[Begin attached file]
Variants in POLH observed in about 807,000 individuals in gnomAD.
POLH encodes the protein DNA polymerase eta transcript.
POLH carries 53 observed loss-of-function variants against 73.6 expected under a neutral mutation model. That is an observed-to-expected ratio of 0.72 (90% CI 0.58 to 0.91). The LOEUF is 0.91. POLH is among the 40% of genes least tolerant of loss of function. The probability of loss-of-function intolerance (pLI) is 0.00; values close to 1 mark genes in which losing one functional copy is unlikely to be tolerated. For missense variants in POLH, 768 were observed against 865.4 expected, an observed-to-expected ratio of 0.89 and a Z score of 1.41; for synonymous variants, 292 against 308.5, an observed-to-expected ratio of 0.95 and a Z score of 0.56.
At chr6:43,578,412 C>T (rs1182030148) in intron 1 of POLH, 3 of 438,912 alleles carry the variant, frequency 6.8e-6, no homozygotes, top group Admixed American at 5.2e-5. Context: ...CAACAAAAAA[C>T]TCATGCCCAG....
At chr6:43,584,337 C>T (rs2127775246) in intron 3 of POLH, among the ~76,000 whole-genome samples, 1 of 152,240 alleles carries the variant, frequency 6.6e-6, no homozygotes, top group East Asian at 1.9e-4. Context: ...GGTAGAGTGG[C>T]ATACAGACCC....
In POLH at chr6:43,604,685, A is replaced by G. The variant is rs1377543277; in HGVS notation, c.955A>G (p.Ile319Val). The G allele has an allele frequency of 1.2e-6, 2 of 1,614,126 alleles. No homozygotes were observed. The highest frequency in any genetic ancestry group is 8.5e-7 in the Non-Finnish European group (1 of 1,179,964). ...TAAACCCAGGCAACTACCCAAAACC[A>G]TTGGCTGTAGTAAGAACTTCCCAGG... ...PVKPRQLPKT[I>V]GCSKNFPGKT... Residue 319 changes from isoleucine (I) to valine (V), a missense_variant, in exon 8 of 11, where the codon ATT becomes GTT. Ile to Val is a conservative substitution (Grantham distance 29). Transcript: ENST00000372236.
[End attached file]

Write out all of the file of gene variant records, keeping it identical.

Variants in POLH observed in about 807,000 individuals in gnomAD.
POLH encodes the protein DNA polymerase eta transcript.
POLH carries 53 observed loss-of-function variants against 73.6 expected under a neutral mutation model. That is an observed-to-expected ratio of 0.72 (90% CI 0.58 to 0.91). The LOEUF is 0.91. POLH is among the 40% of genes least tolerant of loss of function. The probability of loss-of-function intolerance (pLI) is 0.00; values close to 1 mark genes in which losing one functional copy is unlikely to be tolerated. For missense variants in POLH, 768 were observed against 865.4 expected, an observed-to-expected ratio of 0.89 and a Z score of 1.41; for synonymous variants, 292 against 308.5, an observed-to-expected ratio of 0.95 and a Z score of 0.56.
At chr6:43,578,412 C>T (rs1182030148) in intron 1 of POLH, 3 of 438,912 alleles carry the variant, frequency 6.8e-6, no homozygotes, top group Admixed American at 5.2e-5. Context: ...CAACAAAAAA[C>T]TCATGCCCAG....
At chr6:43,584,337 C>T (rs2127775246) in intron 3 of POLH, among the ~76,000 whole-genome samples, 1 of 152,240 alleles carries the variant, frequency 6.6e-6, no homozygotes, top group East Asian at 1.9e-4. Context: ...GGTAGAGTGG[C>T]ATACAGACCC....
In POLH at chr6:43,604,685, A is replaced by G. The variant is rs1377543277; in HGVS notation, c.955A>G (p.Ile319Val). The G allele has an allele frequency of 1.2e-6, 2 of 1,614,126 alleles. No homozygotes were observed. The highest frequency in any genetic ancestry group is 8.5e-7 in the Non-Finnish European group (1 of 1,179,964). ...TAAACCCAGGCAACTACCCAAAACC[A>G]TTGGCTGTAGTAAGAACTTCCCAGG... ...PVKPRQLPKT[I>V]GCSKNFPGKT... Residue 319 changes from isoleucine (I) to valine (V), a missense_variant, in exon 8 of 11, where the codon ATT becomes GTT. Ile to Val is a conservative substitution (Grantham distance 29). Transcript: ENST00000372236.